When Jo was five years old, and she was very eager to go to school. She had a little book bag Carl had given her, and every day she filled it with papers and books-- things she called her "importants." She would put on her coat and take her book bag out to the roadside to meet the school bus, which stopped outside our house. She would wait until all the children had boarded the bus, then she waved as it pulled away and drove out of sight.

When she finally was ready to start school, I was planned to go with her on the first day to help her find her classroom and meet her teacher. But I was very pregnant with our son Tommy and it was going to be rather embarrassing for me. Carl could not go because of a previously planned church responsibility, and Jo was begging me to let her go on the bus by herself. She felt like a big girl and was confident that she could manage that go alone. Thoughtlessly, I agreed that she could do that. When the bus pulled away, of course, I panicked. How would she know what to do when she got there or where to go?. I berated myself asking how I could do such a thing. How could I be so thoughtless? What I hadn't realized was that my neighbor, my good friend Doris, was going to be there helping her, and things went well. Her first day of school was frightening--not for her, but for me.

Something happened when she started to school that bothered me greatly. She came home from school one day with her hair in disarray. Each morning I carefully braided it and put ribbons on it, but some little boy would pull the ribbons off while she was on the bus. He teacher never had the time to get her hair fixed again, and so she came home time after time after time like this with her hair down in her face.

One very cold windy day she came home very cold and with her pants all wet. When I asked what had happened, she explained that they had to stand outside for a long time waiting for the bus. She was afraid if she went inside to the bathroom, the bus would leave her. So there she stood and she finally wet her pants.

One day after playing with some neighbor children, Jo came home with a rash of red bumps on her stomach and she was feeling feverish and irritable. I found out that the children she had played with had also had a rash, and so I asked their mother about their illness. She said they had impetigo. She gave me some ointment to take home and instructed me to prick each of the little bumps and put the ointment on them. It was just terrible for Jo, and she cried the whole time. She didn't get better, however, and we asked the doctor to come. He examined her and announced that she didn't have impetigo, but instead a bad case of chicken pox. I felt so bad for having made her suffer through having all those pustules pricked. She remained very sick and ran a high fever before she finally recovered.

When Christmas time came, we had planned an evening of group singing at the church and Carl has asked Jo to sing a little song she had learned about the baby Jesus. That night I left Grace and Tommy in the pew to play for her, but as soon as we got there, Grace started crying. When I asked her what the problem was, she said she wanted to sing too. She was only four--we didn't realize that she even knew the song–but we let her get up there with Jo and sing too. They sang, "On a bed of sweet new hay, In a stable far away, Little baby Jesus lay, Fast asleep; And his mother always near, to cuddle up the baby dear, Little baby Jesus lay, Fast asleep."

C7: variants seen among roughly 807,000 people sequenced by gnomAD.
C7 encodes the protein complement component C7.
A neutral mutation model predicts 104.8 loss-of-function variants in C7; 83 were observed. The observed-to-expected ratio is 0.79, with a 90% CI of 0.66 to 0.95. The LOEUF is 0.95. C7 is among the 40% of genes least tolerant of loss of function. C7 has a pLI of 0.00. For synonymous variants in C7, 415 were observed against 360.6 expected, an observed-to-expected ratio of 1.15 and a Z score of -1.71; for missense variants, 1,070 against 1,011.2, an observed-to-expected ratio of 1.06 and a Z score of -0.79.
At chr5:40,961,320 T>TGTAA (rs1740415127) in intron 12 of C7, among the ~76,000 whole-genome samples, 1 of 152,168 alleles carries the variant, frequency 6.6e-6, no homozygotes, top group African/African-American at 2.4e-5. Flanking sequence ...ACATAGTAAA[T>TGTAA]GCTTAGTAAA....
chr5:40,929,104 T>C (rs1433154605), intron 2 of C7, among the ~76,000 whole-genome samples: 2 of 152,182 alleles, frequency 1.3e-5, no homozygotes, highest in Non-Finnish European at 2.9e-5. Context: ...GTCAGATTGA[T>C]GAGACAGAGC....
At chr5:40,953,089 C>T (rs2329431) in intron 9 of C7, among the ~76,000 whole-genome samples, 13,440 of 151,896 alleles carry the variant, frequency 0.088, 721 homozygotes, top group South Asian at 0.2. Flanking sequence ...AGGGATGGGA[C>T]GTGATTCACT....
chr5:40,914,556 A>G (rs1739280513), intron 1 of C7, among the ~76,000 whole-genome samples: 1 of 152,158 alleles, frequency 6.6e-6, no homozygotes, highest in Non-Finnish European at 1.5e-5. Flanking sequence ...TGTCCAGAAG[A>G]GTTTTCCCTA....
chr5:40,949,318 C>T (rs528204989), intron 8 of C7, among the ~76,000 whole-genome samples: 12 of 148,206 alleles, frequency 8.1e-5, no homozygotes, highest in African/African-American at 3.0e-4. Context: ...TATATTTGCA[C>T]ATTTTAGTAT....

My sister, Vivian, and her daughter Henri Anne (Anne) came to visit us while we were in Old Trap. One day we watched our three girls playing in the back yard. Vivian had her camera, and was waiting to capture the perfect moment. They were sitting around the little table and chairs Jo and Grace had always enjoyed so much having a tea party. They had cookies, which had been placed in front of each child, but before eating, decided to bow their heads and have a blessing. When we realized what was really happening, Vivian snapped the picture. Grace and Ann and Grace had their heads bowed reverently and their eyes closed, but Jo's eyes were wide open, and she was busy stealing the cookies off their plates. What a picture. Every time we looked at that picture in later years, we realized how typical that was of Jo. She was always instigating something either adventurous or naughty, and she had a great sense of humor.

When Tommy was small and toddling around, I sometimes had to call on the girls to look after him, to keep him out of the road, and so on. I never could depend on Jo to do that because she always had a book to read or something else she was interested in. Grace then was the one that task fell to, even though she did it reluctantly sometimes. She was always the little mother and I depended on her.

Tommy didn't like to take afternoon naps. I would have to lie down with him, tell him a story, and keep my arm around him to hold him down until he went to sleep. Of course, what happened was that I would go to sleep, and when I awoke, he would be out in the yard playing. I guess I needed the sleep more than he did.

We enjoyed living in Old Trap. We had churches that were wonderful to work with and people who were thoughtful and did many wonderful things for us, but moving time came around again.

Posted by Bigwig at March 14, 2004 03:11 PM | TrackBack
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Comments

Great story! While I grew up in Greensboro, as a child I remember going to visit relatives in Ashe County, North Carolina (borders Tennessee and Virginia) where the church members often rotated between three churches in two counties (Ashe and Allegeney) because they were following the Methodist Circuit preacher from church to church.

My mother still talks of a time when most people in Ashe County didn't own cars and they stayed at their churches using lay ministers on the weeks the pastor didn't come riding his horse to town. I think the last circuit preacher in the United States is still riding a horse near Cherokee, NC, but don't quote me on that as I'm really not sure. -Billy

Posted by: Billy The Blogging Poet at March 14, 2004 09:48 PM